This issue of Let’s Talk is a retrospective on the life and work of Joseph Sittler, “our Chicago theologian,” as one of our board members called him. I offer to the mix of articles this reflection on my own relationship with Joe and how he contributed to my vocational decision to become a liturgist long before he knew me.
I got to know Joe personally during my one term as assistant professor of liturgics at the Lutheran School of Theology at Chicago (1978-81). Joe was distinguished theologian-in-residence at LSTC, having retired from the University of Chicago Divinity School. His wife Jeanne was LSTC artist-in-residence. I worked with her on several musical projects as she set hymns and psalms for use in the LSTC chapel. As she became more infirm I stopped by the Sittler residence to pick up her manuscripts for duplication. Since Joe and I headed in the same direction down 57th Street on our way home, I often walked with him—helping him cross 55th Street, stopping at the 57th Street Market to pick up fruit (he knew where all the fruit bins were located and would point with his cane for me to pick some ripe ones), and parting company at his home.
He would have kept the Service Book and Hymnal (1958) a while longer while we employed people with an ear for the English language to edit the prayers. He had John Updike in mind for the job.
We didn’t discuss deep theology as we walked down 57th Street, but we talked about things that were of common interest: J. S. Bach, English poets, nature and ecology. I had lived with Bach almost every day for twelve years as a piano student. I had studied the metaphysical poets at Oxford University in 1968. I had a great love of nature and Joe and I were concerned about the pollution of our waterways. Joe also loved the language of liturgy, especially Thomas Cranmer’s incomparable English prose in The Book of Common Prayer. I am in proud possession of Sittler’s autographed copies of the
As it happened, in 1980 the LSTC faculty narrowly voted to recommend to the Board of Trustees that my contract not be renewed. It seems that I had the support of the emeritus faculty and those who were on sabbatical, but they didn’t have a vote. Sittler said to me sadly after the faculty vote, “They just don’t understand what you do.” When I met with a board committee in their effort to get to know me before they voted to accept the faculty recommendation, one of the questions I was asked was, “How did you become interested in liturgy?” The inflection in the man’s voice had the sense of, “How could anyone ever become interested in studying that?” As I now come to the point in my career in which I contemplate moving into retirement from parish ministry, I think about that question and realize that Joseph Sittler played a role in my vocational decision. What follows is that story.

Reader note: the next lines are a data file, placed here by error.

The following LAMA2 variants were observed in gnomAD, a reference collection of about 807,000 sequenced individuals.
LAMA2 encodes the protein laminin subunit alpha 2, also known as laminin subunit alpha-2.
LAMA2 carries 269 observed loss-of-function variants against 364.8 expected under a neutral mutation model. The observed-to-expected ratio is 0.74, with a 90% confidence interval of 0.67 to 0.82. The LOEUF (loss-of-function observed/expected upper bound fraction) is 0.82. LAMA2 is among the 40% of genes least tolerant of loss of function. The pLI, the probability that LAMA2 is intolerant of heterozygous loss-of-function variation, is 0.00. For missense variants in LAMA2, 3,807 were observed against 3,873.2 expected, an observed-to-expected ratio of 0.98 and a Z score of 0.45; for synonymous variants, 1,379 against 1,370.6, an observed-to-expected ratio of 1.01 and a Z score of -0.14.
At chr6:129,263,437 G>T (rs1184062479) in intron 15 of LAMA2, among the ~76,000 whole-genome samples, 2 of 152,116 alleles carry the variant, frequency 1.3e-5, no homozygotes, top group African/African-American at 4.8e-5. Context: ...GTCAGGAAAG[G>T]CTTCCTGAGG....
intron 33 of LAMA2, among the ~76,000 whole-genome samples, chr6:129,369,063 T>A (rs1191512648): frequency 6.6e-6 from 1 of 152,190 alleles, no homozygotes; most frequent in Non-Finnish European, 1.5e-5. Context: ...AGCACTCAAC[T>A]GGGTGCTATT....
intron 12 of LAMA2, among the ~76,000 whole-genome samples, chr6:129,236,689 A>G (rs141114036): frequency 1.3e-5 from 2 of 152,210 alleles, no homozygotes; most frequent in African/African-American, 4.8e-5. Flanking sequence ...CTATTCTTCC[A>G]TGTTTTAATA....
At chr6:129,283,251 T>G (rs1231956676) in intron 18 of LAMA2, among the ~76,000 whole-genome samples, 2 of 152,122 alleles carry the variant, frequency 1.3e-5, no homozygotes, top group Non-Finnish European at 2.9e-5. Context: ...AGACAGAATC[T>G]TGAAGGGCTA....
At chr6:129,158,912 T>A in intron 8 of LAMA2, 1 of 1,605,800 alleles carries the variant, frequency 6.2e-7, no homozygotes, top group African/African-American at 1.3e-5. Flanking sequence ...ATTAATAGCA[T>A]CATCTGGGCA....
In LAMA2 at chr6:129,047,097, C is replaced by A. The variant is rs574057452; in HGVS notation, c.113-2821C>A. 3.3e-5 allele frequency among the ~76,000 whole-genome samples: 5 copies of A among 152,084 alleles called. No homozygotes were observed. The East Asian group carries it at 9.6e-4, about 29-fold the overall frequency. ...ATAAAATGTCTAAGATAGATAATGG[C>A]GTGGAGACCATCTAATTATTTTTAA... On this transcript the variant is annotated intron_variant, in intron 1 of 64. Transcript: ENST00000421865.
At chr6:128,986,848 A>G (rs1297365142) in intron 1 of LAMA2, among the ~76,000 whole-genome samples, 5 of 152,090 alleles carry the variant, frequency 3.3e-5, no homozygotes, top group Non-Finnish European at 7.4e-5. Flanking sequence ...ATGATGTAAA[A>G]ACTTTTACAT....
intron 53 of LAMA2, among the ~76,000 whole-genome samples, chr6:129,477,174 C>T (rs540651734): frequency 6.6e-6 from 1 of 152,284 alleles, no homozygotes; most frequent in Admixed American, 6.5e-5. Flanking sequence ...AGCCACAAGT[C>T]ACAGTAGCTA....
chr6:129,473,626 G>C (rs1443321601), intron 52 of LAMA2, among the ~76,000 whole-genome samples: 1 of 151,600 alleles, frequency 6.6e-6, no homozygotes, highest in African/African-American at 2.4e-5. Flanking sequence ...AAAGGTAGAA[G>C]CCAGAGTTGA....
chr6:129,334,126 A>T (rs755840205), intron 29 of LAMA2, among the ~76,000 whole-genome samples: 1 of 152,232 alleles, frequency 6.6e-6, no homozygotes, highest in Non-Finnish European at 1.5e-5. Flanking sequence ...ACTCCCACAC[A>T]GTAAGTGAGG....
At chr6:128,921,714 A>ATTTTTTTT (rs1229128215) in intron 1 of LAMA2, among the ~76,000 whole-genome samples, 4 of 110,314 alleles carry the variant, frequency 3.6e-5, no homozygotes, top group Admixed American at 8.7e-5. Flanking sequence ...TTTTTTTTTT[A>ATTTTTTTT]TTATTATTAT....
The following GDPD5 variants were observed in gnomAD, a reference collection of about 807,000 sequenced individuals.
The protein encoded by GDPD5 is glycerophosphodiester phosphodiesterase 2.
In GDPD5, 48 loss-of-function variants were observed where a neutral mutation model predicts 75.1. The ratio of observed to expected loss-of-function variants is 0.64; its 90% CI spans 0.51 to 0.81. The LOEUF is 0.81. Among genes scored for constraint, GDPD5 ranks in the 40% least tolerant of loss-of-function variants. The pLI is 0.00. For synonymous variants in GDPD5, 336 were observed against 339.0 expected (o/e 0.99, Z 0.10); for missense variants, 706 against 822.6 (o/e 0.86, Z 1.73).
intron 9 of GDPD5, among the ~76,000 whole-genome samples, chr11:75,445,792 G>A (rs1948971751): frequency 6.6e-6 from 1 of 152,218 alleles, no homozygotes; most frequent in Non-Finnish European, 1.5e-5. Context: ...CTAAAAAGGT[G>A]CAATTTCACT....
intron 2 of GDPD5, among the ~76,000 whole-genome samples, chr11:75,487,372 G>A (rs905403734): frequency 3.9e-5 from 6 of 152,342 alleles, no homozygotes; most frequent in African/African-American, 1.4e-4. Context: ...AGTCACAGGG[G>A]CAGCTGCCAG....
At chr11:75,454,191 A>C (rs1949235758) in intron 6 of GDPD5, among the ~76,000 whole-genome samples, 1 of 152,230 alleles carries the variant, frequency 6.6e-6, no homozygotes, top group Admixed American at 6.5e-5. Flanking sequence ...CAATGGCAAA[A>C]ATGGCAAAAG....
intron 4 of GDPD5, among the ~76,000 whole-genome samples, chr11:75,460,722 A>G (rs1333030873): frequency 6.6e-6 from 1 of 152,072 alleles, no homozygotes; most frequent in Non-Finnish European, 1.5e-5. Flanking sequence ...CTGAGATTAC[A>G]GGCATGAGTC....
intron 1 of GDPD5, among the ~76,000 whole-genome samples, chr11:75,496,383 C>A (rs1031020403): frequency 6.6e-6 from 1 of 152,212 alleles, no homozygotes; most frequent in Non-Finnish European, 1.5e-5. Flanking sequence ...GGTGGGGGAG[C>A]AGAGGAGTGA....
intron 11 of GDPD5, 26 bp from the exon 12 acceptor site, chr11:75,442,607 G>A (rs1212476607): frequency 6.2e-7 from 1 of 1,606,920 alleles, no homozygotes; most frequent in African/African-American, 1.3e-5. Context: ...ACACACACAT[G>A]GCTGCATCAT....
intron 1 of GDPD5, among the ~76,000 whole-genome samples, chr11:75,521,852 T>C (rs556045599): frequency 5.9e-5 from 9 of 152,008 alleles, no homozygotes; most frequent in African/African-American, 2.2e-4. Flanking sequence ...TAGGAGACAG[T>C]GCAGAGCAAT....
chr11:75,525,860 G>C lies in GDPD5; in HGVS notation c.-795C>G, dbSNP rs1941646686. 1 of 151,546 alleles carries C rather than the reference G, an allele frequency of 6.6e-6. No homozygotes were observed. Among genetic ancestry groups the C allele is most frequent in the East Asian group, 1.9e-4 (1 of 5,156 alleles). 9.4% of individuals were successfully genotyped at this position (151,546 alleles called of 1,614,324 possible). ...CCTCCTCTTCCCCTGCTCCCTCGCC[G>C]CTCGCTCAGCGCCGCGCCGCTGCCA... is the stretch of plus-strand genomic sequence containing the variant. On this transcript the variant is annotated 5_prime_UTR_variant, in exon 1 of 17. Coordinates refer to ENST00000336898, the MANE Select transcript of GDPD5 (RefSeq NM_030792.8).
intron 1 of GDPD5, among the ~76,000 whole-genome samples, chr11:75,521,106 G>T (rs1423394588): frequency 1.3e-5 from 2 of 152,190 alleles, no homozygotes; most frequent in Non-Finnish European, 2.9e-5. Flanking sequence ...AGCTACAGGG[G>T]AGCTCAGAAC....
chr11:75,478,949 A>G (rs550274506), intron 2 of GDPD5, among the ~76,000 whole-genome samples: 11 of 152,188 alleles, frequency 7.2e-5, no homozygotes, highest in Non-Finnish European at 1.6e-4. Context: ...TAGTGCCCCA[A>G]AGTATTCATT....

So what on earth would prompt me to pursue a vocation in liturgy? Lots of kids attend liturgies and are bored by them. Why was I interested? It’s not enough to say that I had good experiences of liturgy as a youth. What made the experiences good for me, I believe now, was my experience of the markers that make for good liturgy. The marks of good liturgy include a positive experience of community (for me it was the urban neighborhood in which I grew up), historical rootedness (I loved the reenactments at Old Fort Niagara), compelling ritual (I loved all those flag and Indian ceremonies at Boy Scout summer camp), quality music (my daily Bach), elevated speech (I memorized long poems already in eighth grade), the use of bodily gestures and the all the senses (in participating publicly in Indian ceremonies at summer camp I developed a sense of my own bodily presence), and the use of natural materials (I was awestruck by gothic buildings). If one has a positive experience of these markers, and finds them in liturgy, one might be drawn to love liturgy. I could write about each marker, but here I focus only on my immersion in the natural world and its relationship to liturgy.
I was raised in a blue collar family in an urban industrial city, so Scouting gave me a chance to get out of Buffalo on troop campouts. Our troop had acquired the use of a wilderness area along the South Branch Cattaraugus Creek in Zoar Valley near Gowanda, an hour’s drive south of Buffalo. Also, through friendship with another Scouting family, our family was able to take summer vacations in the Fulton Chain Lakes area of the Adirondacks, staying in a trailer on their property or, for their son Tom and me, sleeping in a lean-to by the lake.
A memorable experience from my fifteenth year was spending a summer week in Zoar Valley with three other Scouts, one of whom was my best friend Gary. Our parents were willing to let us spend the week together in the cabin our troop had constructed, with various fathers driving down during the week to make sure we were OK. This was well before the era of cell phones, and the nearest farm house with a telephone was at least two miles away. The days were spent hiking up and down the deep gorge carved by the rapidly flowing stream.